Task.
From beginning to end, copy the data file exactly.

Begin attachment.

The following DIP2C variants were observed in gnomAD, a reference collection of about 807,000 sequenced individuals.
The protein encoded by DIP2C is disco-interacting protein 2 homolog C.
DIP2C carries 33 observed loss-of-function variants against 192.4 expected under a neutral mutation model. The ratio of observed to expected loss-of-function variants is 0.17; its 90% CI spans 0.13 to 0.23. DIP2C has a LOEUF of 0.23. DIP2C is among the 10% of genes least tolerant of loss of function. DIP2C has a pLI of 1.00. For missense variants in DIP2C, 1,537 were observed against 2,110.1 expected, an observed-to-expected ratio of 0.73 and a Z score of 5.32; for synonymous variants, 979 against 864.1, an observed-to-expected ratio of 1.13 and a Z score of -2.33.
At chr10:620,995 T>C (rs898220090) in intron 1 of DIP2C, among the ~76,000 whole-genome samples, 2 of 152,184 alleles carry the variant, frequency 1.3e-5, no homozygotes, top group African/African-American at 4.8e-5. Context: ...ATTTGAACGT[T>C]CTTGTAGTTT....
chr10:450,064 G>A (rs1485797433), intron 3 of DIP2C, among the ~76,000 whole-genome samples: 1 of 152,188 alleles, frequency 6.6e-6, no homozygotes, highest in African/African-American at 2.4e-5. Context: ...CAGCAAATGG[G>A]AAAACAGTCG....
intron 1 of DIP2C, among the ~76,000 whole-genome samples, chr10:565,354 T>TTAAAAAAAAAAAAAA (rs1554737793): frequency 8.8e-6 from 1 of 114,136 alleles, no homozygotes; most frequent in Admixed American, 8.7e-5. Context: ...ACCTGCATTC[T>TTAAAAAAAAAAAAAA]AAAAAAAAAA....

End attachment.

The following DIP2C variants were observed in gnomAD, a reference collection of about 807,000 sequenced individuals.
The protein encoded by DIP2C is disco-interacting protein 2 homolog C.
DIP2C carries 33 observed loss-of-function variants against 192.4 expected under a neutral mutation model. The ratio of observed to expected loss-of-function variants is 0.17; its 90% CI spans 0.13 to 0.23. DIP2C has a LOEUF of 0.23. DIP2C is among the 10% of genes least tolerant of loss of function. DIP2C has a pLI of 1.00. For missense variants in DIP2C, 1,537 were observed against 2,110.1 expected, an observed-to-expected ratio of 0.73 and a Z score of 5.32; for synonymous variants, 979 against 864.1, an observed-to-expected ratio of 1.13 and a Z score of -2.33.
At chr10:620,995 T>C (rs898220090) in intron 1 of DIP2C, among the ~76,000 whole-genome samples, 2 of 152,184 alleles carry the variant, frequency 1.3e-5, no homozygotes, top group African/African-American at 4.8e-5. Context: ...ATTTGAACGT[T>C]CTTGTAGTTT....
chr10:450,064 G>A (rs1485797433), intron 3 of DIP2C, among the ~76,000 whole-genome samples: 1 of 152,188 alleles, frequency 6.6e-6, no homozygotes, highest in African/African-American at 2.4e-5. Context: ...CAGCAAATGG[G>A]AAAACAGTCG....
intron 1 of DIP2C, among the ~76,000 whole-genome samples, chr10:565,354 T>TTAAAAAAAAAAAAAA (rs1554737793): frequency 8.8e-6 from 1 of 114,136 alleles, no homozygotes; most frequent in Admixed American, 8.7e-5. Context: ...ACCTGCATTC[T>TTAAAAAAAAAAAAAA]AAAAAAAAAA....